Furthermore, as models are further developed in their scope and degree of complexity, it is possible that a model that able to accurate quantitative predictions will eventually be reached, providing scientists with further understanding of the natural world and its internal clockwork.

The Lotka-Volterra Model

One of the most prominently used mathematical models for predator-prey relationships is the Lotka-Volterra model (Ayala et al., 1973). Derived by Lotka in 1925 and separately by Volterra in 1926, the model presents a logistic function to explain the oscillatory nature of populations in predator-prey systems (Berryman, 1992). The most elementary version of this model can be expressed through two equations:

{dx\over dt}=rx-αxy
{dy\over dt}=βxy-Dy

where dx/dt is the rate of change of the prey species, dy/dt is the rate of change of the predator species, x is the number of prey, y is the number of predators, r and D are constants that describe the rates of change in the populations in each respective organism independent of predator-prey interactions, and α and β describe the impact of predator-prey relationships on each species’ numbers (Berryman, 1992; Wangersky, 1978).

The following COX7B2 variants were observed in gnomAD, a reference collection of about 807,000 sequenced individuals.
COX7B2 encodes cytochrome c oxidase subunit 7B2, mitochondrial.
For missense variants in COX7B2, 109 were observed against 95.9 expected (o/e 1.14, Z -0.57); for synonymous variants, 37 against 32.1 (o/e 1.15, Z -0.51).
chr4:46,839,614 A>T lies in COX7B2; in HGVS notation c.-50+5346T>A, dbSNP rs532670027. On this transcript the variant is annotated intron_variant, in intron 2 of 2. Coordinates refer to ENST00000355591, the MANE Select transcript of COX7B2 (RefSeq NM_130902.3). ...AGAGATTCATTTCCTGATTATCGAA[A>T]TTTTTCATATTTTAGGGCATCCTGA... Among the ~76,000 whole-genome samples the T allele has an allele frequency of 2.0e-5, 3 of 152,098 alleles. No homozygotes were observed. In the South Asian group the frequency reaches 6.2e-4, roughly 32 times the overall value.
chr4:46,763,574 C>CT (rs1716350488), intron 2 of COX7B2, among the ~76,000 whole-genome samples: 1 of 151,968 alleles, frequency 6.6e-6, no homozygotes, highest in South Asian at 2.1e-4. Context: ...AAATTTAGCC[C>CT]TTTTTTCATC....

The elementary model, however, runs into the issue that the prey population grows indefinitely in the absence of a predator species, which is practically impossible. To rectify this, a term of density-dependence is generally introduced into the equation modelling the prey population:

{dx\over dt}=rx(1-{x\over K})-axy

in which K is treated as the carrying capacity (Ayala et al., 1973; Berryman, 1992; Wangersky, 1978).

By solving equations that have their basis in the Lotka-Volterra model, it creates a series of inherently oscillatory ellipses that are dependent on the condition that the system started with (Fig. 2) (Berryman, 1992).

Fig. 2 A time-series and phase-plane graph visualizing standard Lotka-Volterra oscillations. Adapted from (Hartvigsen, 2012).